Take some time to sit and ponder it all. Where do ideas come from? When writing songs, I have had a handful that hit me all at once. Somehow, I’m able to play the song straight through on the first attempt. It is as if I have already played the song a thousand times. The song already existed out in the ether somewhere and I’m lucky enough to be the conduit. Conversely, I have some ideas that have been festering in my brain for years and years. For some reason, I remain optimistic about the potential and I am unable to let go of the idea.
When you complete a task, there will be a void that now needs to be filled with something new. Maybe you are writing a song, or making a podcast, or building a shed in the backyard. When you are done, you can sit back, admire your work, and sip some lemonade. However, you can only do that for so long before you get the itch. You got to get back to work. You have a new void that must be filled. It won’t take long for the next project to be underway. I would venture that before that backyard shed is completed, you have already planned out how to tackle the landscaping.
Some tasks are purely to-do list items. The real important projects in life are a long term and ongoing endeavor. These tasks are typically really hard at first, but they will get easier. A routine will develop surrounding how the work should be done. The time of day, day of the week, location, and general environmental factors become standardized. The specifics of how you approach a project will be a gauge to demonstrate the project’s progression. Once you figure out the best way to tackle something, it then becomes routine. This consistent approach to a project allows it to become a habit or part of your daily grind. This allows room for more new stuff. If you start every morning with pushups, they are brutal at first. You struggle through one or two excruciating pushups. It won’t be long until you need more. You add in some pull ups. You don’t stop doing pushups. You build on them. Pushups are now a part of your daily routine. If you do something new on a regular basis, that thing becomes normal. It’s part of who you are.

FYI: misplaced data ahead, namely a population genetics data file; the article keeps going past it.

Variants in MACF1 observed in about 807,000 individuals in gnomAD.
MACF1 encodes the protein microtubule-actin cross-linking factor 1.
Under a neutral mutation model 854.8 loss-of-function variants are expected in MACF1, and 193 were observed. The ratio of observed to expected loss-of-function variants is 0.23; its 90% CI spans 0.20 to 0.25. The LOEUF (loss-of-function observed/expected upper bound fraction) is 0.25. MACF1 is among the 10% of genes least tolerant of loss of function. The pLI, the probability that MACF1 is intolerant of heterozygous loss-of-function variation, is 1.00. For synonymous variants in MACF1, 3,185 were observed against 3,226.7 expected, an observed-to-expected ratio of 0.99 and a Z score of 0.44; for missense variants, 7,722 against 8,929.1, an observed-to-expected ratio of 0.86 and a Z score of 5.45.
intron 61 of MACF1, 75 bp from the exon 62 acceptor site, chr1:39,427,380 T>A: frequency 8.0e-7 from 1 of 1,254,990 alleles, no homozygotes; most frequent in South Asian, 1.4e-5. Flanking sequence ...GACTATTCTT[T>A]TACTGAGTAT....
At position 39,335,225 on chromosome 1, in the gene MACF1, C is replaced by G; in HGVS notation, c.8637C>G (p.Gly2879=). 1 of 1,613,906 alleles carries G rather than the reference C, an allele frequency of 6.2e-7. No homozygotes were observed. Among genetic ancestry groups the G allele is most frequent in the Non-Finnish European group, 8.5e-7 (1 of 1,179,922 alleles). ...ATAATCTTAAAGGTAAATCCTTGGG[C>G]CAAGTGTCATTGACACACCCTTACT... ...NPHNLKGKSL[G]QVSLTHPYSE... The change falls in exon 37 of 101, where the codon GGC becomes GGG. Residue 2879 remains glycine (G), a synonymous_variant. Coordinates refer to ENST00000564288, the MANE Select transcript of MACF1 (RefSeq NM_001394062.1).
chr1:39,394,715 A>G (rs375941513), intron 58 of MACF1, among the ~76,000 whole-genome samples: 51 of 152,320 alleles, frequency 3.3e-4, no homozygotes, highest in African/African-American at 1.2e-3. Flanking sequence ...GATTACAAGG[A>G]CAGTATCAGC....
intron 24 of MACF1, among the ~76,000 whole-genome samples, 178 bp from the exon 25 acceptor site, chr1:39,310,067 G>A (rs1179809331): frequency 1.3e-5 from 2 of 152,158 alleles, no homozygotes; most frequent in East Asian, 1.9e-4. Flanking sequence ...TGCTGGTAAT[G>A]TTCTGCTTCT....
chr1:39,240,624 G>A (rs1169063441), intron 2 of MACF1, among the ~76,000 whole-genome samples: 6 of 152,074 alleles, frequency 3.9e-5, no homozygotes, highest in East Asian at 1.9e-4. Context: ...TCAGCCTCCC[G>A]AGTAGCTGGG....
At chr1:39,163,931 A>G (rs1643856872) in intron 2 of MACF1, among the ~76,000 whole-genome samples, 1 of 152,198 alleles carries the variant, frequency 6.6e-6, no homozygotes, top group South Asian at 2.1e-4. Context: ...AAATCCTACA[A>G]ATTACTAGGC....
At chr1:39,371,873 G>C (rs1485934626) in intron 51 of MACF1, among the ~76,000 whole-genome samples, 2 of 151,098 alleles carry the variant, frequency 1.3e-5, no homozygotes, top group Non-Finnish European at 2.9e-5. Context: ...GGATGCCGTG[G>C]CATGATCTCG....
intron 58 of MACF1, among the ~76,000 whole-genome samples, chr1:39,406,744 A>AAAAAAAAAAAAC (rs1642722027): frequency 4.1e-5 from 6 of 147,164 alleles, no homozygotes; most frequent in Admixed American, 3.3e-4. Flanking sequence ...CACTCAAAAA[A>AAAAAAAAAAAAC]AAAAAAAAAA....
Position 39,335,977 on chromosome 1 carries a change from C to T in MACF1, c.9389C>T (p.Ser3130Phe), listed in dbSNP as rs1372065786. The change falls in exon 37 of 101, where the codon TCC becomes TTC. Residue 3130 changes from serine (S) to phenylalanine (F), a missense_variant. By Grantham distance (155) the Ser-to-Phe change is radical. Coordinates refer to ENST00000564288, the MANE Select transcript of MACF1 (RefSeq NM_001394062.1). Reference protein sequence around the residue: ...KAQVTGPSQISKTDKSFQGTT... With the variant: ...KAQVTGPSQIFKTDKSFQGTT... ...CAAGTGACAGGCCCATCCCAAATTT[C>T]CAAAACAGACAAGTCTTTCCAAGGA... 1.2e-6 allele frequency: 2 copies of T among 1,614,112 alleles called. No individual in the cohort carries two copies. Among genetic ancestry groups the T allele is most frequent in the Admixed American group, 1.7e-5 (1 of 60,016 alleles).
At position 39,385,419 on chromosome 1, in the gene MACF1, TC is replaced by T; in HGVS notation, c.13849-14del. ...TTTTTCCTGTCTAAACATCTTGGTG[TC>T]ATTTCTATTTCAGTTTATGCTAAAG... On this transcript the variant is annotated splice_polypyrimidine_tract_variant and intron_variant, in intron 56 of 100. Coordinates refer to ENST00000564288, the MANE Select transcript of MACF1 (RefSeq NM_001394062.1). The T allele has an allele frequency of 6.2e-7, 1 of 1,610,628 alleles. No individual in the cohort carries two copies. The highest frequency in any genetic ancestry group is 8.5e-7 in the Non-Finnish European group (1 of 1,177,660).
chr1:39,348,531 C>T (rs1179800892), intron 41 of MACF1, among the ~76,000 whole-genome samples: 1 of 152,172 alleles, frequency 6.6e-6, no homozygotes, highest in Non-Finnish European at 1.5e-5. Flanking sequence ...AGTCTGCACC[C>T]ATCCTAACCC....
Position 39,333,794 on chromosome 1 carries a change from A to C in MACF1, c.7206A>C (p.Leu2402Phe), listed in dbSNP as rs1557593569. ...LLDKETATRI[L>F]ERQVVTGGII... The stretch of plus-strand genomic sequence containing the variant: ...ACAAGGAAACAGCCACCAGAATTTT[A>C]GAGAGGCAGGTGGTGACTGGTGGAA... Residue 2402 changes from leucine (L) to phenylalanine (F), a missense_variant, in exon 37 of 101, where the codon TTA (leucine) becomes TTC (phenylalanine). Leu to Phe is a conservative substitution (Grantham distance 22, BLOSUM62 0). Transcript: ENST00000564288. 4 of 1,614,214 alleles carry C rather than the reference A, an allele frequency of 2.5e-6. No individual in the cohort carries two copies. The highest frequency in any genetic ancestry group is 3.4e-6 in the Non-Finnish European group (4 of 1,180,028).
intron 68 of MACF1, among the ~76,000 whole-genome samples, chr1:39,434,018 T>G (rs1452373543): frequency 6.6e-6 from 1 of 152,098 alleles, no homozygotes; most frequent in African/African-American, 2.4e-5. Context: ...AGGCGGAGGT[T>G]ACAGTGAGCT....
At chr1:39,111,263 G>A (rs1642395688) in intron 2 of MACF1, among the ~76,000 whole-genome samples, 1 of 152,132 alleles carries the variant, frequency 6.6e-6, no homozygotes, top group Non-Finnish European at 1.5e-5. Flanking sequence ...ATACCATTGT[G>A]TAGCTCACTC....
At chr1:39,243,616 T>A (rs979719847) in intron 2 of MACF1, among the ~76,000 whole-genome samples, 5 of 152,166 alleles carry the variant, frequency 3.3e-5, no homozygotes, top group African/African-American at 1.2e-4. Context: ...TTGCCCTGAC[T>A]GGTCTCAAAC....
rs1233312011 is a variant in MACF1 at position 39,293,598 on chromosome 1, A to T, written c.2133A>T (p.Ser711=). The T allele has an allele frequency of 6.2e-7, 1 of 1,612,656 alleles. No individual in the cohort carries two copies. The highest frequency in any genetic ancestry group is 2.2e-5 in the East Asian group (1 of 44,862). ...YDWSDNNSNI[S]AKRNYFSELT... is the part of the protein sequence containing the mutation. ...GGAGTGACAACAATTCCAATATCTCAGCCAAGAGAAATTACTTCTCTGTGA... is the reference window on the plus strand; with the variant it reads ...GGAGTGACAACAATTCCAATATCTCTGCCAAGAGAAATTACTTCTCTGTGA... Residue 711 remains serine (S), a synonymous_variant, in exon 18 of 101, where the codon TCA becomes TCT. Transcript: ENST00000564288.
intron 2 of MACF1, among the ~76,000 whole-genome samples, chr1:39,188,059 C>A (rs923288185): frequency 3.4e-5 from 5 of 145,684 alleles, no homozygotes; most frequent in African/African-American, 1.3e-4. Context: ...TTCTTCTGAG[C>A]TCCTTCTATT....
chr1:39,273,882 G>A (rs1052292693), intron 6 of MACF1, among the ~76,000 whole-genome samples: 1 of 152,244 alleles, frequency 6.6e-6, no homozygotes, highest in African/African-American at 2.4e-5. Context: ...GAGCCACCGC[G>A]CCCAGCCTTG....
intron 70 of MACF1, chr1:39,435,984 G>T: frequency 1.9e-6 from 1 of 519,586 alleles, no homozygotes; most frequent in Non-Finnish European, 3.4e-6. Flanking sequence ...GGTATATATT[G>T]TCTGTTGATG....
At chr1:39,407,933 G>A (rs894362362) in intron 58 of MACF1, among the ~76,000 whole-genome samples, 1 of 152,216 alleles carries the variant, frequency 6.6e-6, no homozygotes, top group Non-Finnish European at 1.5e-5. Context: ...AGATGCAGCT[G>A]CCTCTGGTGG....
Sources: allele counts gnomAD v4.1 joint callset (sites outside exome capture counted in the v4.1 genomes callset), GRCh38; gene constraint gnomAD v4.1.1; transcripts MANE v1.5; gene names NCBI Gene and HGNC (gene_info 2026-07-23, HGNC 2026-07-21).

One new project can lead to the next project or the next several. Now it is all a matter of choices. You have to decide what to do next. There are so many ideas floating around in my head. I have a massive list of projects that remain in an ever changing state of potential. I aggressively swap dates and shift priorities depending on what feels most urgent. This is probably not a great way to approach my life’s work. I think long term planning is important, but I am not good at it. I am grateful for so many ideas and am learning that I don’t have to take action on all of them. Some ideas might never develop and that is ok. The projects that nag and fester will be the ones that get attention. Then they will either merge into my daily routine or fizzle out. The nagging project then gets replaced by more new ideas. Ideas are a disease.
So many of the world’s most important inventions were developed by only a handful of people. This might seem counterintuitive at first. However, I believe it can be attributed to the fact that the majority of people don’t permit themselves time and space for their minds to wander/wonder. The historical geniuses were successful because they allowed themselves time to develop an idea and they gave themselves permission to fail. Most importantly, they allowed themselves the grace of failing quickly. We all should take some time with an empty slate and ponder the expanses.
When you feel the itch, you must pick an idea and get started. There are a lot of ways to hold yourself accountable to following through with an idea. None of them matter until you get started. When deciding what to attempt, don’t worry about making a bad choice. You must simply begin. If it works, continue. If it fizzles, move on to the next idea. Most of the time you have to sift through lots of mediocre or even bad ideas to find the good ones. It’s ok to fail at something. Fail quickly and then move on. Please, don’t ever give up. Allow your distracted mind to drift around in the place where ideas like to hide. Find something that excites you. Give yourself permission to act on it. Just get started.
If you are interested in my podcast episode on this topic, listen below.
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